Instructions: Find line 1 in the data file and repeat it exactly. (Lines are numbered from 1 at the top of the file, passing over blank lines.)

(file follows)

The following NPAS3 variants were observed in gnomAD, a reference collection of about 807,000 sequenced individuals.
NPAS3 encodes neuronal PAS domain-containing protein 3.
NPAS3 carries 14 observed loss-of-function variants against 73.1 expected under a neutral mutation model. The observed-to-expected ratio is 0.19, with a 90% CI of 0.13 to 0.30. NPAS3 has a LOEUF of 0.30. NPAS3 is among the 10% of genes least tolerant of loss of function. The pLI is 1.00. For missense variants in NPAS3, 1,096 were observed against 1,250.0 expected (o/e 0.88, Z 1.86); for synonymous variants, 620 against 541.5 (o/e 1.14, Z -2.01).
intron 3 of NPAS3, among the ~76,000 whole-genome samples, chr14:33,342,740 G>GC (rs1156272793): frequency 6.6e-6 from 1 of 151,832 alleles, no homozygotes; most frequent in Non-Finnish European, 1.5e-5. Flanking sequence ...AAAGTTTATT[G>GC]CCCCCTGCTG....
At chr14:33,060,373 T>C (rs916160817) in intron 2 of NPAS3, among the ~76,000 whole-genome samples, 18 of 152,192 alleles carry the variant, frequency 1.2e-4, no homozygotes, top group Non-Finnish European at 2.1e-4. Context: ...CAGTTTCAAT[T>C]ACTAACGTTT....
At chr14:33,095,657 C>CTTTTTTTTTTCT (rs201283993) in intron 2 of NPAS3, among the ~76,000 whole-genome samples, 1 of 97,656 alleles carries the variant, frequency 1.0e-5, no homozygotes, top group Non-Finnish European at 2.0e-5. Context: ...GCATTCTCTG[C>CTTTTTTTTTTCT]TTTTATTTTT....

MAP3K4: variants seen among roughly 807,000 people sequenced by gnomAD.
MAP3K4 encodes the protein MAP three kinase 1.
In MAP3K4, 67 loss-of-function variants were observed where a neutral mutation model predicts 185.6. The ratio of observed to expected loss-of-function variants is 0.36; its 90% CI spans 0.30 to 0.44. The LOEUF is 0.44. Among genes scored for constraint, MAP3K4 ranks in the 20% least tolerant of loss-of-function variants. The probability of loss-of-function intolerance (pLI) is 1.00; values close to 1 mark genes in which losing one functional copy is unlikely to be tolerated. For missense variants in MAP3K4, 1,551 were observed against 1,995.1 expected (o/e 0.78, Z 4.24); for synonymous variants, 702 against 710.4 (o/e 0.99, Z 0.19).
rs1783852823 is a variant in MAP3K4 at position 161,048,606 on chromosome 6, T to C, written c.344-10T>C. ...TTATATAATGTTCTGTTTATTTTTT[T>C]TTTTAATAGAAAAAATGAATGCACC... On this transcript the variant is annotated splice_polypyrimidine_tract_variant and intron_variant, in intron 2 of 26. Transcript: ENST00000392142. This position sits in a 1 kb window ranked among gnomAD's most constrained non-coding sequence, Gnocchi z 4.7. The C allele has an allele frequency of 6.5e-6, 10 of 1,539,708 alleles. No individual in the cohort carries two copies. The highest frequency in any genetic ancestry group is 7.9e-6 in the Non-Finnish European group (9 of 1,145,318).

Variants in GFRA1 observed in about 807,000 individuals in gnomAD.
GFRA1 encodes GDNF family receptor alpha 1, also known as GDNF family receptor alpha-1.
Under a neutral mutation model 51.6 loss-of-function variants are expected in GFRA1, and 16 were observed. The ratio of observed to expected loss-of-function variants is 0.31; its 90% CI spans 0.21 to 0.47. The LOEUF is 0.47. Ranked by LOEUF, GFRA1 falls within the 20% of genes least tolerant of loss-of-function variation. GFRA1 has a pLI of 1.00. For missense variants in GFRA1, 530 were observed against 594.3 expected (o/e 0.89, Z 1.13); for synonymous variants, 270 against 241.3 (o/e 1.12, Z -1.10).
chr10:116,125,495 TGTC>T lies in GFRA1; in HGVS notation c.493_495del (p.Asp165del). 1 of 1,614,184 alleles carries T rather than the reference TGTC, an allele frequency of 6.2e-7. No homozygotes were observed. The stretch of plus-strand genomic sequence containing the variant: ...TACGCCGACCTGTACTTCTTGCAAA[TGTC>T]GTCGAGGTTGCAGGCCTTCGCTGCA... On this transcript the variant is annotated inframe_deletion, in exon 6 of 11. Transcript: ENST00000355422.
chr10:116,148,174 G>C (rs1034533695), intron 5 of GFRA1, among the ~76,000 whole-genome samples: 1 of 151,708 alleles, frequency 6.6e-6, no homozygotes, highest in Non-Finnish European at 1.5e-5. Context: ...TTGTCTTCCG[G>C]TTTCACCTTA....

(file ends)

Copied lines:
The following NPAS3 variants were observed in gnomAD, a reference collection of about 807,000 sequenced individuals.